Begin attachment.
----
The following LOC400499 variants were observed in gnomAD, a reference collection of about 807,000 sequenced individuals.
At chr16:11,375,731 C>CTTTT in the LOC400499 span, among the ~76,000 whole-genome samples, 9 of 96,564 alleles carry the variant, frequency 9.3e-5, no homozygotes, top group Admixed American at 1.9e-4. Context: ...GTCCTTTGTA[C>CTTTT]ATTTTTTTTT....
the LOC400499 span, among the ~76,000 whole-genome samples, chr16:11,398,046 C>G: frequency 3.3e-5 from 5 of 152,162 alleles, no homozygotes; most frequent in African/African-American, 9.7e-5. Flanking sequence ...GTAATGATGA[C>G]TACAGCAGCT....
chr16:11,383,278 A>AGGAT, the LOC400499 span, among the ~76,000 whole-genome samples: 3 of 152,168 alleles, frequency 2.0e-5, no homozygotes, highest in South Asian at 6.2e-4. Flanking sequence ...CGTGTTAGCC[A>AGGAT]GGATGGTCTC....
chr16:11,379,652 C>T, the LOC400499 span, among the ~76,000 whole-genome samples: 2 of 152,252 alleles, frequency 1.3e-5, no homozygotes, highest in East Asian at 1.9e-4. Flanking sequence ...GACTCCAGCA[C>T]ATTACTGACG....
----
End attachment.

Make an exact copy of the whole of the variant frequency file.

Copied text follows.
The following LOC400499 variants were observed in gnomAD, a reference collection of about 807,000 sequenced individuals.
At chr16:11,375,731 C>CTTTT in the LOC400499 span, among the ~76,000 whole-genome samples, 9 of 96,564 alleles carry the variant, frequency 9.3e-5, no homozygotes, top group Admixed American at 1.9e-4. Context: ...GTCCTTTGTA[C>CTTTT]ATTTTTTTTT....
the LOC400499 span, among the ~76,000 whole-genome samples, chr16:11,398,046 C>G: frequency 3.3e-5 from 5 of 152,162 alleles, no homozygotes; most frequent in African/African-American, 9.7e-5. Flanking sequence ...GTAATGATGA[C>G]TACAGCAGCT....
chr16:11,383,278 A>AGGAT, the LOC400499 span, among the ~76,000 whole-genome samples: 3 of 152,168 alleles, frequency 2.0e-5, no homozygotes, highest in South Asian at 6.2e-4. Flanking sequence ...CGTGTTAGCC[A>AGGAT]GGATGGTCTC....
chr16:11,379,652 C>T, the LOC400499 span, among the ~76,000 whole-genome samples: 2 of 152,252 alleles, frequency 1.3e-5, no homozygotes, highest in East Asian at 1.9e-4. Flanking sequence ...GACTCCAGCA[C>T]ATTACTGACG....